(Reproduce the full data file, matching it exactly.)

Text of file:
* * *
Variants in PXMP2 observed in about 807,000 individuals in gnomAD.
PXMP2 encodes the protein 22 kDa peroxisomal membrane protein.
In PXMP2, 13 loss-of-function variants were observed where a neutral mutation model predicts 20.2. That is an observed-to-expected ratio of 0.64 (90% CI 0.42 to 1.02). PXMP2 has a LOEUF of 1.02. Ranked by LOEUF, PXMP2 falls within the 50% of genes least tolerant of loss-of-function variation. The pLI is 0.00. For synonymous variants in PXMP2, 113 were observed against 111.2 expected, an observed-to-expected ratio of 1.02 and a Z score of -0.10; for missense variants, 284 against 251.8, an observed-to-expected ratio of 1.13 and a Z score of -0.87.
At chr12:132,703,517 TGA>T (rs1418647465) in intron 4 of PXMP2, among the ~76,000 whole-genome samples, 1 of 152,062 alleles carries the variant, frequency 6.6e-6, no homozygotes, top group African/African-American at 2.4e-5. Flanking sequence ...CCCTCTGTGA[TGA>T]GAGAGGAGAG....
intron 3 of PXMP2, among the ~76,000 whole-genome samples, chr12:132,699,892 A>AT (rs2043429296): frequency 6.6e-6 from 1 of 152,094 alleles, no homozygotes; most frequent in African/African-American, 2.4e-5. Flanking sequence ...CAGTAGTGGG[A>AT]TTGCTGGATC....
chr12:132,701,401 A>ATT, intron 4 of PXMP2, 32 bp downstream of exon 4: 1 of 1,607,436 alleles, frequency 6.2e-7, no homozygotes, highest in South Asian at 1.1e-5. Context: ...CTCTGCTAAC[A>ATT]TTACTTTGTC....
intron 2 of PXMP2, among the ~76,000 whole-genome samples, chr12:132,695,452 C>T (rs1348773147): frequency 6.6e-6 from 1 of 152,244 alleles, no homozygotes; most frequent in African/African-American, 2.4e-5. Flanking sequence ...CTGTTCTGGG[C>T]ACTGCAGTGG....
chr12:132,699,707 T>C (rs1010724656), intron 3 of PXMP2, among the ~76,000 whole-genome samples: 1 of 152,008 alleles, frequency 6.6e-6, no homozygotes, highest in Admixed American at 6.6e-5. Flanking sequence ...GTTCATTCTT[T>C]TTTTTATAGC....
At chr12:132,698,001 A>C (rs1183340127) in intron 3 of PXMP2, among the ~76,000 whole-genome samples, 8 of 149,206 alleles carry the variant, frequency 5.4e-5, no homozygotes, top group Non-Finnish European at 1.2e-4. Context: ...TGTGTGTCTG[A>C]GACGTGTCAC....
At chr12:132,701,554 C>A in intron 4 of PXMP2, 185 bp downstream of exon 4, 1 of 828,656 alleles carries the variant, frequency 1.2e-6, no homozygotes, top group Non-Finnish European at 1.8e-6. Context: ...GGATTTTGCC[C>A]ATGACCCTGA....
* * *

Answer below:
Variants in PXMP2 observed in about 807,000 individuals in gnomAD.
PXMP2 encodes the protein 22 kDa peroxisomal membrane protein.
In PXMP2, 13 loss-of-function variants were observed where a neutral mutation model predicts 20.2. That is an observed-to-expected ratio of 0.64 (90% CI 0.42 to 1.02). PXMP2 has a LOEUF of 1.02. Ranked by LOEUF, PXMP2 falls within the 50% of genes least tolerant of loss-of-function variation. The pLI is 0.00. For synonymous variants in PXMP2, 113 were observed against 111.2 expected, an observed-to-expected ratio of 1.02 and a Z score of -0.10; for missense variants, 284 against 251.8, an observed-to-expected ratio of 1.13 and a Z score of -0.87.
At chr12:132,703,517 TGA>T (rs1418647465) in intron 4 of PXMP2, among the ~76,000 whole-genome samples, 1 of 152,062 alleles carries the variant, frequency 6.6e-6, no homozygotes, top group African/African-American at 2.4e-5. Flanking sequence ...CCCTCTGTGA[TGA>T]GAGAGGAGAG....
intron 3 of PXMP2, among the ~76,000 whole-genome samples, chr12:132,699,892 A>AT (rs2043429296): frequency 6.6e-6 from 1 of 152,094 alleles, no homozygotes; most frequent in African/African-American, 2.4e-5. Flanking sequence ...CAGTAGTGGG[A>AT]TTGCTGGATC....
chr12:132,701,401 A>ATT, intron 4 of PXMP2, 32 bp downstream of exon 4: 1 of 1,607,436 alleles, frequency 6.2e-7, no homozygotes, highest in South Asian at 1.1e-5. Context: ...CTCTGCTAAC[A>ATT]TTACTTTGTC....
intron 2 of PXMP2, among the ~76,000 whole-genome samples, chr12:132,695,452 C>T (rs1348773147): frequency 6.6e-6 from 1 of 152,244 alleles, no homozygotes; most frequent in African/African-American, 2.4e-5. Flanking sequence ...CTGTTCTGGG[C>T]ACTGCAGTGG....
chr12:132,699,707 T>C (rs1010724656), intron 3 of PXMP2, among the ~76,000 whole-genome samples: 1 of 152,008 alleles, frequency 6.6e-6, no homozygotes, highest in Admixed American at 6.6e-5. Flanking sequence ...GTTCATTCTT[T>C]TTTTTATAGC....
At chr12:132,698,001 A>C (rs1183340127) in intron 3 of PXMP2, among the ~76,000 whole-genome samples, 8 of 149,206 alleles carry the variant, frequency 5.4e-5, no homozygotes, top group Non-Finnish European at 1.2e-4. Context: ...TGTGTGTCTG[A>C]GACGTGTCAC....
At chr12:132,701,554 C>A in intron 4 of PXMP2, 185 bp downstream of exon 4, 1 of 828,656 alleles carries the variant, frequency 1.2e-6, no homozygotes, top group Non-Finnish European at 1.8e-6. Context: ...GGATTTTGCC[C>A]ATGACCCTGA....